A language act for South Africa? The role of sociolinguistic principles in the analysis of language legislation
Theodorus du Plessis - 2010-11-11
Die Afrikaanse weergawe van hierdie artikel het eers in LitNet Akademies verskyn. Lees dit hier. A language act for South Africa? The role of sociolinguistic principles in the analysis of language legislation1 1. Introduction A central or national language act for South Africa is currently a topical issue, as a result of the summons that was served by an attorney from Brits, one Cornelus Lourens, on 14 August 2009, in an endeavour to enforce the promulgation of the South African Languages Bill...

Jan Rabie / Marjorie Wallace Lecture: Ground Zero – the South African literary landscape after apartheid
André P Brink - 2010-09-22
It is with particular pleasure that I am giving this Jan Rabie / Marjorie Wallace lecture today – for academic and professional reasons, but above all to say thank you to two people who for fifty years formed a very special part of my life. Each of them contributed in a unique way to the world of South Africa and decisively influenced my life. Marjorie through her painting, Jan through his writing. Marjorie with her joy of life, her frolicking on the colourful surface of a world below which...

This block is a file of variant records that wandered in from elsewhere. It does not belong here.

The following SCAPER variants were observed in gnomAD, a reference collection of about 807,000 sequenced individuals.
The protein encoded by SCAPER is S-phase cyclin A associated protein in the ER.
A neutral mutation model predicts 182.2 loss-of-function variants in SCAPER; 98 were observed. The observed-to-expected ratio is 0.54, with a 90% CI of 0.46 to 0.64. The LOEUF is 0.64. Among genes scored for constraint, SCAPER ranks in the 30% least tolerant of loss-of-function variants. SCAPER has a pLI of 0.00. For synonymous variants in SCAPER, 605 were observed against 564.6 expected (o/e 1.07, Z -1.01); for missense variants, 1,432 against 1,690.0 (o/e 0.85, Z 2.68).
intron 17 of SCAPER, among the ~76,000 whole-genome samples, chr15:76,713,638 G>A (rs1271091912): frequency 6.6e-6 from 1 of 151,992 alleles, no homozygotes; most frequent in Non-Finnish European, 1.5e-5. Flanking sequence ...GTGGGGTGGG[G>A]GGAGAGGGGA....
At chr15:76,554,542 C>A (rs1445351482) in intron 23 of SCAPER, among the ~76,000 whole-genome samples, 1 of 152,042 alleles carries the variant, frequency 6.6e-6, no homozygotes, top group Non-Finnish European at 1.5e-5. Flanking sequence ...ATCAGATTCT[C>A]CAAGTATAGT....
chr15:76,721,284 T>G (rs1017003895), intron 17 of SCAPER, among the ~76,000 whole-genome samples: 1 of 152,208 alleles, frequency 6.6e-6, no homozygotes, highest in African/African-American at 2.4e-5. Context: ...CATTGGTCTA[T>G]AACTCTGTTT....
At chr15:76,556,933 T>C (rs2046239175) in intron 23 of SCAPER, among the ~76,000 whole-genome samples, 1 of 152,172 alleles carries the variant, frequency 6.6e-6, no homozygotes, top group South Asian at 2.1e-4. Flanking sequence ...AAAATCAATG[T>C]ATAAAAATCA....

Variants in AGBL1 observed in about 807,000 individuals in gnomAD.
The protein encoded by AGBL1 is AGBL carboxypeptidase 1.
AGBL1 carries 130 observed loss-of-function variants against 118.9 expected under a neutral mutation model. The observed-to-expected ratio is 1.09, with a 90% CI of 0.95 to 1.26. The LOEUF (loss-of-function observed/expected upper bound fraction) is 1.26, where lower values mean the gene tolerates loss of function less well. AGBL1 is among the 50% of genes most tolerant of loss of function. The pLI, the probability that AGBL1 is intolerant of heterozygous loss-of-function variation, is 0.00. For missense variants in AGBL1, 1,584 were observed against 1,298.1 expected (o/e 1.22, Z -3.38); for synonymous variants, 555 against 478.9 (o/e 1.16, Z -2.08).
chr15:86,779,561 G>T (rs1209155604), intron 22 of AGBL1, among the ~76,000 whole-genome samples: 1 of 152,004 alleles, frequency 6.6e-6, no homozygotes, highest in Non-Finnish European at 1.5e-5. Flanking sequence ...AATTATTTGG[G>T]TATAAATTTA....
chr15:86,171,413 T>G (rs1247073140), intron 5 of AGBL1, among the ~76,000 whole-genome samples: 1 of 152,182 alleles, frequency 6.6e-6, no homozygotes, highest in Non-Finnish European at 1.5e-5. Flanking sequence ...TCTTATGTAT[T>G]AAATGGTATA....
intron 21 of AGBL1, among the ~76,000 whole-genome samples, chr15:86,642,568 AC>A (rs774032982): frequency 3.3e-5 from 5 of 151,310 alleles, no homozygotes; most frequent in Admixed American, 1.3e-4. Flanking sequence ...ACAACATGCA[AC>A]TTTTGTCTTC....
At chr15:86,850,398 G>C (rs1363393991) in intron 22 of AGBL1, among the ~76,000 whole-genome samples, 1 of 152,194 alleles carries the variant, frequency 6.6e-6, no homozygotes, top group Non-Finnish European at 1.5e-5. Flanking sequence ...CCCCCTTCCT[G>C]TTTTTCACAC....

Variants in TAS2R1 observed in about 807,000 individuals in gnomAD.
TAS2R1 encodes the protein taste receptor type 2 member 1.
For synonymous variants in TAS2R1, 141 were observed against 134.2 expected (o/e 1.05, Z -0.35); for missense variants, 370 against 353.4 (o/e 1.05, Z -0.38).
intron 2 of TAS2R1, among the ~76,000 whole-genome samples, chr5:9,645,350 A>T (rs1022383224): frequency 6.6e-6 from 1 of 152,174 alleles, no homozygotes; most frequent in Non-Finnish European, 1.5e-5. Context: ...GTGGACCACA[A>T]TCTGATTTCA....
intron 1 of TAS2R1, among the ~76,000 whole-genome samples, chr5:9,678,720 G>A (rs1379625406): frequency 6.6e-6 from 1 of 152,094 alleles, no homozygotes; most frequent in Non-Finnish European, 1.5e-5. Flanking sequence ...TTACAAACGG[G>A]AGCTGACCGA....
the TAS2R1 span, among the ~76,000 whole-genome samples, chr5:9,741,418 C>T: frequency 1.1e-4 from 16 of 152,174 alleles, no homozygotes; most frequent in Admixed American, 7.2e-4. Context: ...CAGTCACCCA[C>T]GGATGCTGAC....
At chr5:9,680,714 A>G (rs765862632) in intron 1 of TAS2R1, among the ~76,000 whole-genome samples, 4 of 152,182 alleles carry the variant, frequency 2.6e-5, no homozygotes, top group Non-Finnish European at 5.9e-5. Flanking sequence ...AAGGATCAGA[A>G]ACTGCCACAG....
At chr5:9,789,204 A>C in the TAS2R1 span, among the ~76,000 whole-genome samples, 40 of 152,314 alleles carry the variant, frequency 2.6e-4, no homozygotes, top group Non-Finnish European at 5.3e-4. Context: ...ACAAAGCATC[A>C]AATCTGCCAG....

The Google Book Settlement
Bertus Preller - 2010-09-15
“Was it ever reasonable to think that such a revolutionary, unprecedented pact, negotiated in secret over three years by people with loose claims of representation, concerning a wide range of stakeholders, both foreign and domestic, involving murky issues of copyright and the rapidly unfolding digital future, could be pushed through as a class action settlement within a period of months, in the teeth of a historic media industry transition?” (Andrew Albanese, Publishers’ Weekly) ...

Is an open constitutional democracy a threat to security, or rather political expedience?
Cobus Fourie - 2010-08-31
The current furore over the Protection of Information Bill and the Media Appeals Tribunal has fundamental and seemingly overlapping human rights issues at heart: the right to privacy and dignity coupled with the State’s interest in supposed national security and the right to freedom of expression and freedom of the press. The apparatchiks and cadres at the ANC are quite indignant at what they claim the unscrupulous, paparazzi-esque harassment and stalking of esteemed members of parliament,...

Protection of the impimpi
Tessa Dowling - 2010-08-31
If I worked in a government office and got this lovely, juicy bit of information about some political shenanigan that I felt should be made public property, I would be tempted to publish it in isicamtho (tsotsitaal), or even just a non-standard variety of an African language. There is one thing about i-information in African languages (even the standard ones): iyahamba (it travels), iyatshintsha (it changes) and awuyazi ukuba ivela phi okanye i-meaning ithini kanye kanye (you don’t know where...

FIFA World Soccer Cup is here!
Jameson Maluleke - 2010-06-10